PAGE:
Protecting The Environment From Urban Water Cycle Disruption
Most urban areas are built in such a way that when it rains, all of the water is directed immediately into storm sewers via gutters, curbs, and ditches and then out into nearby creeks and streams. On its way to the storm water system, the rain water picks up pollutants such as motor oil, grease, pet waste, fertilizers from lawns, and other toxic substances. The water then rushes out all at once from storm sewers, severely eroding the banks of the creeks it is directed into and bringing all of the pollutants from the city into the water. This is called non-point source pollution.
A rain garden is a garden with a shallow depression which is strategically located in a landscape to capture storm water runoff from impervious surfaces, such as rooftops, patios, driveways, and parking lots, before it enters the storm water system. The water is held by the garden and allowed to slowly infiltrate the soil. The soil and plant roots improve water quality by filtering pollutants, the overall amount of storm water runoff is reduced, and the groundwater supply is recharged.
Rain gardens don't need to be planted with water-loving plants. Because they drain quickly (24-48 hours), the plants only have to be able to tolerate lots of water for short periods, but they also need to be able to withstand periods of drought. Different areas of your garden can be planted with different kinds of plants. For example, the berm won't be receiving as much water as the low-lying middle, so native arid plants would do better there. Ask your local native plant nursery for suggestions. Remember to consider plant height, wildlife attraction, flowering, and sun/shade tolerance when choosing your plants.
Native plants are ideal for landscaping for many reasons. Because they have adapted to your area's climate over time, they don't need chemicals to help them grow, can tolerate your high and low temperatures, have very deep roots for drought resistance, have defenses against harmful native insects, and serve as habitats for native wildlife. The deep roots of native plants also makes them ideal for rain gardens because they create channels in the soil which allow water to soak in quickly.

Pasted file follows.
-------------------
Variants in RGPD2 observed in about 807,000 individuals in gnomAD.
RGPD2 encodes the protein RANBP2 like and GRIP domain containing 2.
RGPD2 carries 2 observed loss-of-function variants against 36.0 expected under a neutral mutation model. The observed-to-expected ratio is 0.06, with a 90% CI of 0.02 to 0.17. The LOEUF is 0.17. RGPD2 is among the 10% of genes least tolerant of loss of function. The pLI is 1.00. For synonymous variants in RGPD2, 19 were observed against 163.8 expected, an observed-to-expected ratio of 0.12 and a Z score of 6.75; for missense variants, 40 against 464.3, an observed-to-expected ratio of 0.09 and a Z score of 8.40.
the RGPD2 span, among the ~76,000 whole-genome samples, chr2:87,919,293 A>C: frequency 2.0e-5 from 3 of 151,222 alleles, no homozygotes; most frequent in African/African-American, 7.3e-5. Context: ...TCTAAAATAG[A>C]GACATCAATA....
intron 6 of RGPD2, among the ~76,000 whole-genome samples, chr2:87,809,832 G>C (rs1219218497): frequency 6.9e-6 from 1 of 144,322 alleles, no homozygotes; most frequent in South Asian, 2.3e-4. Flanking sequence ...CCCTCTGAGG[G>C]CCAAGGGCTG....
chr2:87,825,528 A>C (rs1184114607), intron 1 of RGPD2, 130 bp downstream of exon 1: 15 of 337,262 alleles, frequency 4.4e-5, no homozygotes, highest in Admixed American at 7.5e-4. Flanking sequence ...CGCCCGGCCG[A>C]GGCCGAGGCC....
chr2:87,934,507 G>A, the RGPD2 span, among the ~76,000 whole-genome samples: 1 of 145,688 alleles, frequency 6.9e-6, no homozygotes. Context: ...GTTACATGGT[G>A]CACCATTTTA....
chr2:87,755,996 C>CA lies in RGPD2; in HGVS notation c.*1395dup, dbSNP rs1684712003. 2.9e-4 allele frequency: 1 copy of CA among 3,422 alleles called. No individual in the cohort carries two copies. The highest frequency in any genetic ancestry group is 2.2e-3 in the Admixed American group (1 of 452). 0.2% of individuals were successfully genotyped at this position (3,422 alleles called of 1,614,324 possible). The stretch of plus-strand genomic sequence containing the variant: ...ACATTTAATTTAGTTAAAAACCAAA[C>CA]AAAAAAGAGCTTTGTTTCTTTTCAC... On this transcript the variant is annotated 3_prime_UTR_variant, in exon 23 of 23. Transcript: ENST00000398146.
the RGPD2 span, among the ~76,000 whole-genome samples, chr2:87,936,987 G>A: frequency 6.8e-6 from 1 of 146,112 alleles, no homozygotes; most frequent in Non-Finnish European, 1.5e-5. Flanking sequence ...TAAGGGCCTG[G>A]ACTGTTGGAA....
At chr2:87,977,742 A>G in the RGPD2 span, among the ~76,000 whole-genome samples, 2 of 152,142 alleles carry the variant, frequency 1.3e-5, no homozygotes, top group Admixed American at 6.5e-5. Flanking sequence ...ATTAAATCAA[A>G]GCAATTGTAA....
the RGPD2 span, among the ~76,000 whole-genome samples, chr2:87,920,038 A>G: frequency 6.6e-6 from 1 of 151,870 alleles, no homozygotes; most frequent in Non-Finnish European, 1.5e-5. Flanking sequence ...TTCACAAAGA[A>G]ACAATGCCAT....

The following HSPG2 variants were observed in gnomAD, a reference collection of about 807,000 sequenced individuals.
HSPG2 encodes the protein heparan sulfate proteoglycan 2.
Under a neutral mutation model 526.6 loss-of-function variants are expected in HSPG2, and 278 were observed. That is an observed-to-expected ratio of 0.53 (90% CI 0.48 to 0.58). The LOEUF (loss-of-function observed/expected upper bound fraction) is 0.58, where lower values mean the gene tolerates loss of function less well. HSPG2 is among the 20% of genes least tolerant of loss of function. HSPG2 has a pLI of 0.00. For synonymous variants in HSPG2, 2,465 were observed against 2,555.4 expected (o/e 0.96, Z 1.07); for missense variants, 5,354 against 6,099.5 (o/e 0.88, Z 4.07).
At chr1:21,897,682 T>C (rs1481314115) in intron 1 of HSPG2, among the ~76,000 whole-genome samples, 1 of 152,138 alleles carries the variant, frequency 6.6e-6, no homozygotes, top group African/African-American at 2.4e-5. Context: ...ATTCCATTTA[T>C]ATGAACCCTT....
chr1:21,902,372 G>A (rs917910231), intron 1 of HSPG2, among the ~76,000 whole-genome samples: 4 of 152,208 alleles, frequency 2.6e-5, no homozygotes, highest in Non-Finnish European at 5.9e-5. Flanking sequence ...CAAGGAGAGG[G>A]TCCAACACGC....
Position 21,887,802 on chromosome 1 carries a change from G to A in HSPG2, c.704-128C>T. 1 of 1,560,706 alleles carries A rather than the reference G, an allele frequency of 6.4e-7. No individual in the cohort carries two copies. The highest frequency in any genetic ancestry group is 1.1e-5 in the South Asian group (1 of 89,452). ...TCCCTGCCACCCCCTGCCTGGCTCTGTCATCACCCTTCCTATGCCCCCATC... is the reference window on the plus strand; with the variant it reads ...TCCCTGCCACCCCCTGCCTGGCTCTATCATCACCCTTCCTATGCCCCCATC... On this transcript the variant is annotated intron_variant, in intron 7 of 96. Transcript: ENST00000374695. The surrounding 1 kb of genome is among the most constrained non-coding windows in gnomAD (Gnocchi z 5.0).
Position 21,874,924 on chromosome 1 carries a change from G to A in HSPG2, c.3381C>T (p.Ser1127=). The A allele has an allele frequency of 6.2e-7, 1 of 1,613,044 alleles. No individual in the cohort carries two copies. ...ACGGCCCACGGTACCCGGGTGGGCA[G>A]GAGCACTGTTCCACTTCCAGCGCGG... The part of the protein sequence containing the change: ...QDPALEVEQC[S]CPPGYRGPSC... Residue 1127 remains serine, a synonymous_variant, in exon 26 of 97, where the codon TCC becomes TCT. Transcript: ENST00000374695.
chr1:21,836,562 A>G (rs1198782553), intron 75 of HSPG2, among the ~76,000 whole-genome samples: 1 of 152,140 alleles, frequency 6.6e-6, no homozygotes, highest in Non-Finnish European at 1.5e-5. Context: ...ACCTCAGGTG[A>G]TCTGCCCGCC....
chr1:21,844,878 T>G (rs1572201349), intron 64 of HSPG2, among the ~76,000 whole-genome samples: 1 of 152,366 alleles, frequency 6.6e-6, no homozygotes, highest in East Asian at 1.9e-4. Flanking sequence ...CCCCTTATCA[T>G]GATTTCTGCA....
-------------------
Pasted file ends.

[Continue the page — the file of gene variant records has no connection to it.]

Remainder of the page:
Local Landscape Contractors
If you would rather hire someone to build your rain garden, look for a landscape association in your state for the names of local landscape architectural firms, or the Yellow Pages (www.yellowpages.com) under Landscape Architects or Landscape Contractors. Not all landscapers are experienced in building rain gardens so ask questions to be sure you're hiring someone who will build you a quality rain garden.
Other sources for information:
- Your local Cooperative Extension Service
- Internet search engines list hundreds of sites…here are a few:
- "Rain Gardens - Managing Water Sustainably in the Garden and Designed Landscape" by Nigel Dunnett & Andy Clayden
- "The Blue Thumb Guide to Raingardens" by Rusty Schmidt & David Dods Dan Shaw
- "The Rain Garden Planner" by Terry Wallace
- "Rain Gardening in the South" by Helen Kraus & Anne Spafford
Please continue to support NGC Immediate Past President, Shirley Nicolai's Special Project "Protecting Aquatic Ecosystems" and NGC's Water Conservation Platform by promoting public and private rain garden installations in your state, club programs, and educational exhibits.
For more information, contact:
NGC Rain Gardens Chairman